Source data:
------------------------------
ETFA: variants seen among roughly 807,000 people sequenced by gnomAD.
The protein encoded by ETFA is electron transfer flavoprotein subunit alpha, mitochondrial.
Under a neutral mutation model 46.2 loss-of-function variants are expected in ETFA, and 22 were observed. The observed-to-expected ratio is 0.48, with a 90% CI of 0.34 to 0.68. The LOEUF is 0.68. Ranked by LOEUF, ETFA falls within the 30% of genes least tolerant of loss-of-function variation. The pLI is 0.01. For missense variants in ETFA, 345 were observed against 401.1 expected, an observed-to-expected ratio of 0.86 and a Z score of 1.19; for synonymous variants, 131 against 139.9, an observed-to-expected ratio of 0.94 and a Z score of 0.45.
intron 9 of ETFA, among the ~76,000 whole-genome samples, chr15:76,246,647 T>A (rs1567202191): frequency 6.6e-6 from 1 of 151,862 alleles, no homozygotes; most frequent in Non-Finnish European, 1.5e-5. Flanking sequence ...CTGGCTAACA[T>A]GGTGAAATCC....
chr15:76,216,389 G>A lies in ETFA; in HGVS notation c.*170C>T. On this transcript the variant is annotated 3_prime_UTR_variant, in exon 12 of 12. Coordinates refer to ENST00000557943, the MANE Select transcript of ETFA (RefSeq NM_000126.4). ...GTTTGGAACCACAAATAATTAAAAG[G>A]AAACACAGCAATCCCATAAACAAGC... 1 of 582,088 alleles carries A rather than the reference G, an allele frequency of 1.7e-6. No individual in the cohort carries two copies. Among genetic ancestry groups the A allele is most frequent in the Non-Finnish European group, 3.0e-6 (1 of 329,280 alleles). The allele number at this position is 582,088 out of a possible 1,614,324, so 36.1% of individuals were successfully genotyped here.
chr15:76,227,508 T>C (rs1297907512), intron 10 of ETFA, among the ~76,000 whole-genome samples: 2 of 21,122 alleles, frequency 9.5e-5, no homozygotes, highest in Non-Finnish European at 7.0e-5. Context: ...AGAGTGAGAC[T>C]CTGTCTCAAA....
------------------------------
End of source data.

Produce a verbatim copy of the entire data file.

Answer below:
ETFA: variants seen among roughly 807,000 people sequenced by gnomAD.
The protein encoded by ETFA is electron transfer flavoprotein subunit alpha, mitochondrial.
Under a neutral mutation model 46.2 loss-of-function variants are expected in ETFA, and 22 were observed. The observed-to-expected ratio is 0.48, with a 90% CI of 0.34 to 0.68. The LOEUF is 0.68. Ranked by LOEUF, ETFA falls within the 30% of genes least tolerant of loss-of-function variation. The pLI is 0.01. For missense variants in ETFA, 345 were observed against 401.1 expected, an observed-to-expected ratio of 0.86 and a Z score of 1.19; for synonymous variants, 131 against 139.9, an observed-to-expected ratio of 0.94 and a Z score of 0.45.
intron 9 of ETFA, among the ~76,000 whole-genome samples, chr15:76,246,647 T>A (rs1567202191): frequency 6.6e-6 from 1 of 151,862 alleles, no homozygotes; most frequent in Non-Finnish European, 1.5e-5. Flanking sequence ...CTGGCTAACA[T>A]GGTGAAATCC....
chr15:76,216,389 G>A lies in ETFA; in HGVS notation c.*170C>T. On this transcript the variant is annotated 3_prime_UTR_variant, in exon 12 of 12. Coordinates refer to ENST00000557943, the MANE Select transcript of ETFA (RefSeq NM_000126.4). ...GTTTGGAACCACAAATAATTAAAAG[G>A]AAACACAGCAATCCCATAAACAAGC... 1 of 582,088 alleles carries A rather than the reference G, an allele frequency of 1.7e-6. No individual in the cohort carries two copies. Among genetic ancestry groups the A allele is most frequent in the Non-Finnish European group, 3.0e-6 (1 of 329,280 alleles). The allele number at this position is 582,088 out of a possible 1,614,324, so 36.1% of individuals were successfully genotyped here.
chr15:76,227,508 T>C (rs1297907512), intron 10 of ETFA, among the ~76,000 whole-genome samples: 2 of 21,122 alleles, frequency 9.5e-5, no homozygotes, highest in Non-Finnish European at 7.0e-5. Context: ...AGAGTGAGAC[T>C]CTGTCTCAAA....